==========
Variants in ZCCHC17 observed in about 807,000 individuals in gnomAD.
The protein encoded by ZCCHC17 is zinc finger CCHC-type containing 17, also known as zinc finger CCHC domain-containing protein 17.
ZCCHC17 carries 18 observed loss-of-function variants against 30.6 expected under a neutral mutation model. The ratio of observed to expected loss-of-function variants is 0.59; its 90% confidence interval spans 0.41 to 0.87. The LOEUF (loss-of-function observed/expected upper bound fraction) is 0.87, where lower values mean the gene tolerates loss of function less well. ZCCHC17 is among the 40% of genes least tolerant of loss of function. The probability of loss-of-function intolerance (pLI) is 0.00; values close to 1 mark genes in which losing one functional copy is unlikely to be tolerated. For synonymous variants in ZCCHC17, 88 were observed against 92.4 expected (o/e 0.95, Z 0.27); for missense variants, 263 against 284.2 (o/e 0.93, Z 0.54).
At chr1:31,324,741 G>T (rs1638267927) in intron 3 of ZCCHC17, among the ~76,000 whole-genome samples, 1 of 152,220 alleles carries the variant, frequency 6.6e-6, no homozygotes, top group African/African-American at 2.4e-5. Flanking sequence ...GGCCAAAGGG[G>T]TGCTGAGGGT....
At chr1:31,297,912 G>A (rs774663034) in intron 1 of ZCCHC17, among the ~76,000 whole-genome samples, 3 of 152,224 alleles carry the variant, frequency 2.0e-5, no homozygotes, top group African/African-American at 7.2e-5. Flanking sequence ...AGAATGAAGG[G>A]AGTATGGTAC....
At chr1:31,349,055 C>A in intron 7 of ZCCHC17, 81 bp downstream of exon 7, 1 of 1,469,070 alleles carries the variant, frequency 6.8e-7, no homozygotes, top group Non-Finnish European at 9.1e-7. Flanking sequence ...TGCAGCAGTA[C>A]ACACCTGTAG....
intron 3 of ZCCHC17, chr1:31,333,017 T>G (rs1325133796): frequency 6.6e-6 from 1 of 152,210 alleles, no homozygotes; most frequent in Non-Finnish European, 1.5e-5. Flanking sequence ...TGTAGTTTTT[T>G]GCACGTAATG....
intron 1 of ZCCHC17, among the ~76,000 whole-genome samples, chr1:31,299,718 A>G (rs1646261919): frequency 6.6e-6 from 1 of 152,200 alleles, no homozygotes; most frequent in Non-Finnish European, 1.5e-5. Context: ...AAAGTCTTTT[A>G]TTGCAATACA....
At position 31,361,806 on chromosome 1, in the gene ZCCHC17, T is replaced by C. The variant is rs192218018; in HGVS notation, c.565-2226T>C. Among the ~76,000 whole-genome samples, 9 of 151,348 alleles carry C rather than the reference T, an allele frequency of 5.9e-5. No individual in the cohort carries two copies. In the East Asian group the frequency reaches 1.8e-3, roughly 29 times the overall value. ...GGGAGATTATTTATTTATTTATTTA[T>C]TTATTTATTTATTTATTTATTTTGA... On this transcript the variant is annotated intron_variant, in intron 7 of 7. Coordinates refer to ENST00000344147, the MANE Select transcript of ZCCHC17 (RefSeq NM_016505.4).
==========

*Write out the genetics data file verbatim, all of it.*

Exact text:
Variants in ZCCHC17 observed in about 807,000 individuals in gnomAD.
The protein encoded by ZCCHC17 is zinc finger CCHC-type containing 17, also known as zinc finger CCHC domain-containing protein 17.
ZCCHC17 carries 18 observed loss-of-function variants against 30.6 expected under a neutral mutation model. The ratio of observed to expected loss-of-function variants is 0.59; its 90% confidence interval spans 0.41 to 0.87. The LOEUF (loss-of-function observed/expected upper bound fraction) is 0.87, where lower values mean the gene tolerates loss of function less well. ZCCHC17 is among the 40% of genes least tolerant of loss of function. The probability of loss-of-function intolerance (pLI) is 0.00; values close to 1 mark genes in which losing one functional copy is unlikely to be tolerated. For synonymous variants in ZCCHC17, 88 were observed against 92.4 expected (o/e 0.95, Z 0.27); for missense variants, 263 against 284.2 (o/e 0.93, Z 0.54).
At chr1:31,324,741 G>T (rs1638267927) in intron 3 of ZCCHC17, among the ~76,000 whole-genome samples, 1 of 152,220 alleles carries the variant, frequency 6.6e-6, no homozygotes, top group African/African-American at 2.4e-5. Flanking sequence ...GGCCAAAGGG[G>T]TGCTGAGGGT....
At chr1:31,297,912 G>A (rs774663034) in intron 1 of ZCCHC17, among the ~76,000 whole-genome samples, 3 of 152,224 alleles carry the variant, frequency 2.0e-5, no homozygotes, top group African/African-American at 7.2e-5. Flanking sequence ...AGAATGAAGG[G>A]AGTATGGTAC....
At chr1:31,349,055 C>A in intron 7 of ZCCHC17, 81 bp downstream of exon 7, 1 of 1,469,070 alleles carries the variant, frequency 6.8e-7, no homozygotes, top group Non-Finnish European at 9.1e-7. Flanking sequence ...TGCAGCAGTA[C>A]ACACCTGTAG....
intron 3 of ZCCHC17, chr1:31,333,017 T>G (rs1325133796): frequency 6.6e-6 from 1 of 152,210 alleles, no homozygotes; most frequent in Non-Finnish European, 1.5e-5. Flanking sequence ...TGTAGTTTTT[T>G]GCACGTAATG....
intron 1 of ZCCHC17, among the ~76,000 whole-genome samples, chr1:31,299,718 A>G (rs1646261919): frequency 6.6e-6 from 1 of 152,200 alleles, no homozygotes; most frequent in Non-Finnish European, 1.5e-5. Context: ...AAAGTCTTTT[A>G]TTGCAATACA....
At position 31,361,806 on chromosome 1, in the gene ZCCHC17, T is replaced by C. The variant is rs192218018; in HGVS notation, c.565-2226T>C. Among the ~76,000 whole-genome samples, 9 of 151,348 alleles carry C rather than the reference T, an allele frequency of 5.9e-5. No individual in the cohort carries two copies. In the East Asian group the frequency reaches 1.8e-3, roughly 29 times the overall value. ...GGGAGATTATTTATTTATTTATTTA[T>C]TTATTTATTTATTTATTTATTTTGA... On this transcript the variant is annotated intron_variant, in intron 7 of 7. Coordinates refer to ENST00000344147, the MANE Select transcript of ZCCHC17 (RefSeq NM_016505.4).